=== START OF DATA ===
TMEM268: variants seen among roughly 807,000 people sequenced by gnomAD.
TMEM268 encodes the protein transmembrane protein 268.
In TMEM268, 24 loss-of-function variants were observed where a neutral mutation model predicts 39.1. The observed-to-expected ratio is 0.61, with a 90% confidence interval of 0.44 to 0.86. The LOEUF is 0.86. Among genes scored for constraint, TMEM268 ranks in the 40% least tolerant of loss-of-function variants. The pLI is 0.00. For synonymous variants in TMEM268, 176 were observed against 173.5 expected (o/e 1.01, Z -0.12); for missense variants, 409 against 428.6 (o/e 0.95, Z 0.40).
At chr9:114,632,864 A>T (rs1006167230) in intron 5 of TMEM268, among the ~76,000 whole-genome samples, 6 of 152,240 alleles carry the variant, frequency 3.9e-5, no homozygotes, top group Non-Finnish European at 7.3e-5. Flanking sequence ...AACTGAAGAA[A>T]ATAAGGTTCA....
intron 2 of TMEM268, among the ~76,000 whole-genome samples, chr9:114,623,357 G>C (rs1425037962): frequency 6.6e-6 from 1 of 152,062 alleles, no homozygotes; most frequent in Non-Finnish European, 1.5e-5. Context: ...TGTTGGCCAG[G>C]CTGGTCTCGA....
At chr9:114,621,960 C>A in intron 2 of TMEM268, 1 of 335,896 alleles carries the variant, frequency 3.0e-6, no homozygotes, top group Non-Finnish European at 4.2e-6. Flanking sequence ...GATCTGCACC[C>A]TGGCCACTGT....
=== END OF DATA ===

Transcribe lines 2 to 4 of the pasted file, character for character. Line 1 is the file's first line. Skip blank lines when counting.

TMEM268 encodes the protein transmembrane protein 268.
In TMEM268, 24 loss-of-function variants were observed where a neutral mutation model predicts 39.1. The observed-to-expected ratio is 0.61, with a 90% confidence interval of 0.44 to 0.86. The LOEUF is 0.86. Among genes scored for constraint, TMEM268 ranks in the 40% least tolerant of loss-of-function variants. The pLI is 0.00. For synonymous variants in TMEM268, 176 were observed against 173.5 expected (o/e 1.01, Z -0.12); for missense variants, 409 against 428.6 (o/e 0.95, Z 0.40).
At chr9:114,632,864 A>T (rs1006167230) in intron 5 of TMEM268, among the ~76,000 whole-genome samples, 6 of 152,240 alleles carry the variant, frequency 3.9e-5, no homozygotes, top group Non-Finnish European at 7.3e-5. Flanking sequence ...AACTGAAGAA[A>T]ATAAGGTTCA....